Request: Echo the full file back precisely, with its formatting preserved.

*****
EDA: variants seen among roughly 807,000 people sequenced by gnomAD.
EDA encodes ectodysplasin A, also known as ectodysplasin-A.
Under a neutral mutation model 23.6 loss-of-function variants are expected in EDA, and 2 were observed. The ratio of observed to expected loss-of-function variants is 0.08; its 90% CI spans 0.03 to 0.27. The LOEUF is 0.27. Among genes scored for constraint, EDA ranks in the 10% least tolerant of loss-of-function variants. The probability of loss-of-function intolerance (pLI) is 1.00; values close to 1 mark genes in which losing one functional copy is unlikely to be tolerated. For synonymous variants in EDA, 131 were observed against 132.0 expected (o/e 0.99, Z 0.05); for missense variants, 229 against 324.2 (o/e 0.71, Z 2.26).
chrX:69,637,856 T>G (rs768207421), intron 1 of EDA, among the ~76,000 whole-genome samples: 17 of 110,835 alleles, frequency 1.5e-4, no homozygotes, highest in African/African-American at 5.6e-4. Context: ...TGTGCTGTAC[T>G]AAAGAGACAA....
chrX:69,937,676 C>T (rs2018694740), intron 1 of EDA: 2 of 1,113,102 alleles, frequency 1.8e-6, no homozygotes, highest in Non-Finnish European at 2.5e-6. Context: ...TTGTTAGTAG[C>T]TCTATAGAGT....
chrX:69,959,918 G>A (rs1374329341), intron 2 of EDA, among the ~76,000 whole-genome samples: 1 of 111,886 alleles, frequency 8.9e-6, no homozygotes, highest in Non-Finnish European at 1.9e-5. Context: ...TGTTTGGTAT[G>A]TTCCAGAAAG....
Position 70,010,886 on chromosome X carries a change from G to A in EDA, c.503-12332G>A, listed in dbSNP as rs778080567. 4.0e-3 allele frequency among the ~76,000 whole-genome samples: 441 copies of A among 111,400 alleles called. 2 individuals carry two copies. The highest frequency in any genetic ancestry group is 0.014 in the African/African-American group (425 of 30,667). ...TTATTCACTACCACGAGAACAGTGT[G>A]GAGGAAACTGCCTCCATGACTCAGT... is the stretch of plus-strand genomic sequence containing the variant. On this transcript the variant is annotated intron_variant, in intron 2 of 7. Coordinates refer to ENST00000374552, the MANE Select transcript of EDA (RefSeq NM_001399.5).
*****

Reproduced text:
EDA: variants seen among roughly 807,000 people sequenced by gnomAD.
EDA encodes ectodysplasin A, also known as ectodysplasin-A.
Under a neutral mutation model 23.6 loss-of-function variants are expected in EDA, and 2 were observed. The ratio of observed to expected loss-of-function variants is 0.08; its 90% CI spans 0.03 to 0.27. The LOEUF is 0.27. Among genes scored for constraint, EDA ranks in the 10% least tolerant of loss-of-function variants. The probability of loss-of-function intolerance (pLI) is 1.00; values close to 1 mark genes in which losing one functional copy is unlikely to be tolerated. For synonymous variants in EDA, 131 were observed against 132.0 expected (o/e 0.99, Z 0.05); for missense variants, 229 against 324.2 (o/e 0.71, Z 2.26).
chrX:69,637,856 T>G (rs768207421), intron 1 of EDA, among the ~76,000 whole-genome samples: 17 of 110,835 alleles, frequency 1.5e-4, no homozygotes, highest in African/African-American at 5.6e-4. Context: ...TGTGCTGTAC[T>G]AAAGAGACAA....
chrX:69,937,676 C>T (rs2018694740), intron 1 of EDA: 2 of 1,113,102 alleles, frequency 1.8e-6, no homozygotes, highest in Non-Finnish European at 2.5e-6. Context: ...TTGTTAGTAG[C>T]TCTATAGAGT....
chrX:69,959,918 G>A (rs1374329341), intron 2 of EDA, among the ~76,000 whole-genome samples: 1 of 111,886 alleles, frequency 8.9e-6, no homozygotes, highest in Non-Finnish European at 1.9e-5. Context: ...TGTTTGGTAT[G>A]TTCCAGAAAG....
Position 70,010,886 on chromosome X carries a change from G to A in EDA, c.503-12332G>A, listed in dbSNP as rs778080567. 4.0e-3 allele frequency among the ~76,000 whole-genome samples: 441 copies of A among 111,400 alleles called. 2 individuals carry two copies. The highest frequency in any genetic ancestry group is 0.014 in the African/African-American group (425 of 30,667). ...TTATTCACTACCACGAGAACAGTGT[G>A]GAGGAAACTGCCTCCATGACTCAGT... is the stretch of plus-strand genomic sequence containing the variant. On this transcript the variant is annotated intron_variant, in intron 2 of 7. Coordinates refer to ENST00000374552, the MANE Select transcript of EDA (RefSeq NM_001399.5).